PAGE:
Debating Prop 309: Photo I.D. requirement for in-person voting
Proposition 309 Voter I.D. would require a photo I.D. for in-person voting and an affidavit for mail in ballots. Senator J.D. Mesnard (R) District 17 and Pinny Sheoran, president of the The League of Women Voters of Arizona, spoke about their sides of the proposition.
Why Would Prop 309 be a Good Idea?
“So this is really just an evolution of voter ID laws from several years ago as it relates to going to the ballot, going to the polls and voting in person,” Mesnard said.
There are three different ways to show I.D., two of them require some sort of photo identification.
“This just says that if you’re showing up in person, we need to be able to match the face to the photo, so you do need to have photo I.D. And if you can’t afford one or don’t have one, like a drivers license number, we’ll provide you one for free,” Mesnard said.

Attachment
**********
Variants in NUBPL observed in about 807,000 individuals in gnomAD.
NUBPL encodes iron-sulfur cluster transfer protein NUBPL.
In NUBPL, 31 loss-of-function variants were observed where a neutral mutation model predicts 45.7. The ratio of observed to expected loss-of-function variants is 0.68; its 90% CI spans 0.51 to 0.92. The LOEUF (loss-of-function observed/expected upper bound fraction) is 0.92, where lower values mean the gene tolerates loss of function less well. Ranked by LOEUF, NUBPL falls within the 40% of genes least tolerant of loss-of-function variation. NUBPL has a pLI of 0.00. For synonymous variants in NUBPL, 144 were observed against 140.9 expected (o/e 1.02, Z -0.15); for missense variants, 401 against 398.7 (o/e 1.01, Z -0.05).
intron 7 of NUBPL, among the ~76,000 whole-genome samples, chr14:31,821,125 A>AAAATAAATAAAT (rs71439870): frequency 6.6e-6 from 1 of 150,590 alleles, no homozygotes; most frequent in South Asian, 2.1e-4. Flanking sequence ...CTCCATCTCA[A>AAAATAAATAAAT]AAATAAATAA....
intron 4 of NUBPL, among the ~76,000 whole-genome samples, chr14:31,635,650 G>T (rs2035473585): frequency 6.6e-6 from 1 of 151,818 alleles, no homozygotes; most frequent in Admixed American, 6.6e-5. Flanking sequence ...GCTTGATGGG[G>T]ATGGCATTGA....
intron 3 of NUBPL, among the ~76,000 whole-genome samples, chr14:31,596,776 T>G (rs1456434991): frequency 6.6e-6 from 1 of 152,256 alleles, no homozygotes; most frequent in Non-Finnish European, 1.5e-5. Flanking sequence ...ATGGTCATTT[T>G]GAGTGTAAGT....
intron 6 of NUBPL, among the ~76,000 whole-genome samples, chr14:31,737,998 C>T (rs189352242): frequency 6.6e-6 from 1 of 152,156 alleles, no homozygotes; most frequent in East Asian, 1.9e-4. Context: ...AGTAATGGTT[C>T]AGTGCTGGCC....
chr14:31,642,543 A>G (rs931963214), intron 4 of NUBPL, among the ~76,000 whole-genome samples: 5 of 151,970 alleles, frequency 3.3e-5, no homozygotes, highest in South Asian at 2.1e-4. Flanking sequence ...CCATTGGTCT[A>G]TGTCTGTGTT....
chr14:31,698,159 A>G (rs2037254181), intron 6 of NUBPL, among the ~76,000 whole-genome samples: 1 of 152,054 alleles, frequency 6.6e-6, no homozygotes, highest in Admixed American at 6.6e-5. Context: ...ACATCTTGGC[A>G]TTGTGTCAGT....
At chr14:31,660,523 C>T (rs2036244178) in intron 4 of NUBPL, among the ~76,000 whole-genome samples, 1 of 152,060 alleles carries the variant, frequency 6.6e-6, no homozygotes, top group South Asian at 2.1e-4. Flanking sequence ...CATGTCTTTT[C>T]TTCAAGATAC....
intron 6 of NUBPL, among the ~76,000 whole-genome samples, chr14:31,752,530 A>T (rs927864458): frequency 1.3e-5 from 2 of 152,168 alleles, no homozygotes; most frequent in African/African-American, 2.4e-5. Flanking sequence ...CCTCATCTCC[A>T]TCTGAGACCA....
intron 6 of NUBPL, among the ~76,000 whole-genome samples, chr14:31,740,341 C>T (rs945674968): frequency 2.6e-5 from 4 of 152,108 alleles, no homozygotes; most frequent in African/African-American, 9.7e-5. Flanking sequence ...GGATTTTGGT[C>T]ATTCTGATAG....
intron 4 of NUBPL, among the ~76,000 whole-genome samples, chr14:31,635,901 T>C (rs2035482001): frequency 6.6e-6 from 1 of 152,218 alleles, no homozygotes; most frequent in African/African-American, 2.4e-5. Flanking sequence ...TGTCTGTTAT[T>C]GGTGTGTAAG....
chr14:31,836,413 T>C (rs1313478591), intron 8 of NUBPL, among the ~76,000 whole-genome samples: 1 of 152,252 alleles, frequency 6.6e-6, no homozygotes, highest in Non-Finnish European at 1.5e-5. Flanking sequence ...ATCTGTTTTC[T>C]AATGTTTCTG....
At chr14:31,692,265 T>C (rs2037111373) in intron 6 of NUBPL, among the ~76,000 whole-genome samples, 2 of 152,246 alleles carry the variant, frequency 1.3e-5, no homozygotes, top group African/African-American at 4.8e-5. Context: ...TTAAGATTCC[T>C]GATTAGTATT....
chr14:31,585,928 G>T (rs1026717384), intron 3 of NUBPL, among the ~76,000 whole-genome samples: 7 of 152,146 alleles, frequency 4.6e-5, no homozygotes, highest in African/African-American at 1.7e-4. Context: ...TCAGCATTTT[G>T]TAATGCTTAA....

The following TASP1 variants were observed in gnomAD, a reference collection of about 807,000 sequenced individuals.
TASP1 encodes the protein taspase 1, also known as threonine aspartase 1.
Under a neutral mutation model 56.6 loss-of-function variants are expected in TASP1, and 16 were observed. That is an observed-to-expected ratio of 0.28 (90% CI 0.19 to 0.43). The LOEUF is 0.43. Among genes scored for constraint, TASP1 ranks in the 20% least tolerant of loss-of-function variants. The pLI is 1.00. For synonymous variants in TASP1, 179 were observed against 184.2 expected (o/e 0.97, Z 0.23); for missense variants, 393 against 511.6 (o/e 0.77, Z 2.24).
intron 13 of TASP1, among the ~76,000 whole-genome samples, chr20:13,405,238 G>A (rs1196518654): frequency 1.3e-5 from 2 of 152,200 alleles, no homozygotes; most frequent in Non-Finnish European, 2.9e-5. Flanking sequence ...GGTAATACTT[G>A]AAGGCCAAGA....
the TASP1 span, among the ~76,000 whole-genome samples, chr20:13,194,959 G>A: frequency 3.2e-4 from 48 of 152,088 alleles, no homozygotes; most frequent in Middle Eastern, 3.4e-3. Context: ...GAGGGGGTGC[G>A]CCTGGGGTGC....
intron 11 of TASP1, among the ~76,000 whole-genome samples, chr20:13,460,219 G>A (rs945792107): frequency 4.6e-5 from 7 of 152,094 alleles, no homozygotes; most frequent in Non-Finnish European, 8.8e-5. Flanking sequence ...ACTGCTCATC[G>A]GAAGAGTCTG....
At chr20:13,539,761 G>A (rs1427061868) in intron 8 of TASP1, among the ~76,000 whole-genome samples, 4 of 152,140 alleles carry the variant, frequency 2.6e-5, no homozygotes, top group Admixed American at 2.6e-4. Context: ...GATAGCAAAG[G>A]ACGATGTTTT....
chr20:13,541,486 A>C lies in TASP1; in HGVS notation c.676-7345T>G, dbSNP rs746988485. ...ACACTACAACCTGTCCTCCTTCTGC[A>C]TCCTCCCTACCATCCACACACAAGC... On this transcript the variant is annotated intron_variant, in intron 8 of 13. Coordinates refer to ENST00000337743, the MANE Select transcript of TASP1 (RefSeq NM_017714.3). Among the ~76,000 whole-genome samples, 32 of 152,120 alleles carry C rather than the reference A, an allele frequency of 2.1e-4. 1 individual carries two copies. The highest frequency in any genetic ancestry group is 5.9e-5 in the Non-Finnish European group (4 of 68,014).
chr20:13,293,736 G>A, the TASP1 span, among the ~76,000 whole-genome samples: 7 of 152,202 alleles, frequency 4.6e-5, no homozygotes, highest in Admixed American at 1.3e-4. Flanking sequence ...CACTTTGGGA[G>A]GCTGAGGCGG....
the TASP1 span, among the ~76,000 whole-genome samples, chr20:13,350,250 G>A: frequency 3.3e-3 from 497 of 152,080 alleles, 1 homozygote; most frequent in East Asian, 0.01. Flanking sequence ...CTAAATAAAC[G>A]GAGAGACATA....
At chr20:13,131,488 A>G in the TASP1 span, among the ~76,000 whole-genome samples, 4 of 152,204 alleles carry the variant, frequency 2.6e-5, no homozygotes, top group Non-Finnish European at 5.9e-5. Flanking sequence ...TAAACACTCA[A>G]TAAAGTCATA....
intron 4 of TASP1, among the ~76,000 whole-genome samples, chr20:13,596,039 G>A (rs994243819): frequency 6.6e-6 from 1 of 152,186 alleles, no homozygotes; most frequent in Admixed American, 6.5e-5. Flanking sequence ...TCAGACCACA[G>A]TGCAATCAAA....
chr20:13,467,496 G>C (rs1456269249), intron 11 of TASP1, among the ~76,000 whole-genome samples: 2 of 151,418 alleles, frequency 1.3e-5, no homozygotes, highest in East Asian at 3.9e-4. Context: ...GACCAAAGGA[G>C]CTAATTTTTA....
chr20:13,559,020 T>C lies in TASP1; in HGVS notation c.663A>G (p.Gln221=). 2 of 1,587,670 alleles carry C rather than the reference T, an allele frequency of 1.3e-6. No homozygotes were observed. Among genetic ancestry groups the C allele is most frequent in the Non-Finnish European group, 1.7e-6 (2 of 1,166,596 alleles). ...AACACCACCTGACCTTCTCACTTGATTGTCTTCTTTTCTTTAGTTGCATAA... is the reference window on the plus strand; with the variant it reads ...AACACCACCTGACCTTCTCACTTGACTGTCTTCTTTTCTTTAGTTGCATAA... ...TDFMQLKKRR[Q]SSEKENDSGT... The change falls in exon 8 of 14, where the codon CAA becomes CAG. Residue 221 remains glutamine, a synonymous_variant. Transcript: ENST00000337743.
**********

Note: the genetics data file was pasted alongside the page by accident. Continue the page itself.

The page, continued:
Why Would Prop 309 Not be a Good Idea?
“The photo I.D. is not the issue,” Sheoran said.
If a person has an I.D. without an address, there is a possibility to provide alternate information. This is because at the polls, having a proper address ensures receiving a correct ballot.
“What this act will do is it allows for military and passports, which don’t have an address, but it deliberately excludes tribal I.D.s,” Sheoran said.
Tribal I.D.s can still be accepted as long as a photo is there with it, according to Mesnard.
Besides a drivers license, “If you have any other photo I.D. that does not have your address on there, so a passport or could be a tribal I.D. etc., then you have to provide some kind of additional piece of documentation with your address, but in either case it simply would require a photo I.D.,” Mesnard said.
Many tribes do not have the standard form of photo identification, and this new law will exclude them, according to Sheoran.